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The vertical bronze elements of the glass walls were sourced from Windsor, Ont.

JENNIFER ROBERTS/The Globe and Mail

The new Tom Patterson Theatre is a place for artists to conjure up other worlds. But the art begins on the outside. The building signals high creative ambitions with panels of lustrous bronze, slabs of limestone as smooth as cappuccino foam, and curving window walls that reach out toward Lake Victoria like eddies of a stream.

Designed by Hariri Pontarini Architects, this facility for the Stratford Festival is a remarkable piece of design, joining technically advanced facilities with some of the most beautifully detailed and well-sited public rooms in the country. It is a rare case in which a Canadian institution demanded excellent design, paid for it, and actually followed through.

Stratford Festival artistic director Antoni Cimolino, left, and Siamak Hariri of Hariri Pontarini Architects, which won an international competition to design the building.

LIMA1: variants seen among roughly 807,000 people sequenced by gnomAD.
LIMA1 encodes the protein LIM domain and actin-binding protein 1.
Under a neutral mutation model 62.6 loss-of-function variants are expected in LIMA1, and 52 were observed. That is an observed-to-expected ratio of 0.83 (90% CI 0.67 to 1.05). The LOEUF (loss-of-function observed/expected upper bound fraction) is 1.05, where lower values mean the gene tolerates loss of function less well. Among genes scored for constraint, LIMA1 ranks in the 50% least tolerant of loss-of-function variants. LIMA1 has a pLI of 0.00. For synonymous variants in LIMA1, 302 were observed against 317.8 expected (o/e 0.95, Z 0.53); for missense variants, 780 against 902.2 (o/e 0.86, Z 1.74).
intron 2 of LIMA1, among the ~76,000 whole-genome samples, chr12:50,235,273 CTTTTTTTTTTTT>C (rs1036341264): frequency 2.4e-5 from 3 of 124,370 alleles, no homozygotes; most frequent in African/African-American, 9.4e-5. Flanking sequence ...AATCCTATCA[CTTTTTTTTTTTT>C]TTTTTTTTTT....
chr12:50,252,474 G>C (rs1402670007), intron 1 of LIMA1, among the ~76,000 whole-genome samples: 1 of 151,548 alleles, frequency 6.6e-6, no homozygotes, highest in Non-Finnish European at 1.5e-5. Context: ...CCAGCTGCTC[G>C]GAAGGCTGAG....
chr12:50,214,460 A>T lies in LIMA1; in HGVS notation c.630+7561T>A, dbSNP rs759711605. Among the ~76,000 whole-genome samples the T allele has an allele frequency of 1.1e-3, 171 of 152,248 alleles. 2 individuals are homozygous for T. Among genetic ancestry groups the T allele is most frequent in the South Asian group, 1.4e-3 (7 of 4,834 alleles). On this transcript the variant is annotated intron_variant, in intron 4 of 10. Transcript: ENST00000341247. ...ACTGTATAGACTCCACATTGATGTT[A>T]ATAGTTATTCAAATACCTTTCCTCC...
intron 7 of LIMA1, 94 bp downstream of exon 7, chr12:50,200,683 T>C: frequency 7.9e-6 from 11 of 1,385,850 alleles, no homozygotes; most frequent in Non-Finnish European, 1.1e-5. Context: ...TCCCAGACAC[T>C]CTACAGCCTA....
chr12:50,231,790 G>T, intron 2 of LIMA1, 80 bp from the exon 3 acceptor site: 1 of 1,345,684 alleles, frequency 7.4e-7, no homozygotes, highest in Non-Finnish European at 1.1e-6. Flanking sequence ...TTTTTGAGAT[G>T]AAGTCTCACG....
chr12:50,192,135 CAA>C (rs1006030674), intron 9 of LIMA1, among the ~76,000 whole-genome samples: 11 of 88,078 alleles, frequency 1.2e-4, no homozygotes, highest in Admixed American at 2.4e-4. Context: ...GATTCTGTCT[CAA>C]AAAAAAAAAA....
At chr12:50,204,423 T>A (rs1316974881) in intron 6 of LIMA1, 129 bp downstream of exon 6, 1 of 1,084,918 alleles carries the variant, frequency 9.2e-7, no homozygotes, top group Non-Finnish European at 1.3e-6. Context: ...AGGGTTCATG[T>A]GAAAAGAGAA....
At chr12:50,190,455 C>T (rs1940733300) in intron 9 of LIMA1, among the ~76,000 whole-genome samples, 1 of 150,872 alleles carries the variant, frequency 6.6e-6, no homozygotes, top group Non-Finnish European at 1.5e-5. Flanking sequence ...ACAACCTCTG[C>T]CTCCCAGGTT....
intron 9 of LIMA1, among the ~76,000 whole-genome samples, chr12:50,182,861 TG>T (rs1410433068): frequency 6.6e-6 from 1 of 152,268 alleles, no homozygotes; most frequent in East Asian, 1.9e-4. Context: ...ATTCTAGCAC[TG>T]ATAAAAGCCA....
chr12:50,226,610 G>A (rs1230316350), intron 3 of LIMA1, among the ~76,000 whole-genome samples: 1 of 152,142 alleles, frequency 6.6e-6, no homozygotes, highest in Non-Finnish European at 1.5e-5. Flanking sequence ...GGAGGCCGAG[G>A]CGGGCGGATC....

JENNIFER ROBERTS/The Globe and Mail

The theatre was ready to open when the COVID-19 pandemic hit. And while the building stands empty for now, it remains the showpiece it was built to be. “This place had to have enough magic to hold you for the day,” said its lead architect, Siamak Hariri, during a recent tour of the building. “Of course, we had to create a great theatre space. But also to help people engage with the river, engage with the landscape and create a sense of delight.”

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From a bird’s-eye view, the $63-million, 77,000-square-foot building is quite straightforward. A solid, horseshoe-shaped volume contains the theatre and a rehearsal hall, all wrapped in pale brick. Curling around it are a set of lobby and lounge spaces, wrapped by an undulating ribbon of glass and bronze.

The building's curving walls of windows extend out toward Lake Victoria.

Ann Baggley/Stratford Festival

Hariri’s team won an international design competition, and the festival clearly chose well. Hariri works largely on institutional buildings and houses for the super-rich; he manipulates metal, stone, wood and budgets with consummate skill. The bronze vertical elements that define the exterior window walls? Made by the Riverside Glass in Windsor, Ont., a previous Hariri collaborator, for an affordable price. The architect has taken a moderate budget and made it feel like a hundred million bucks.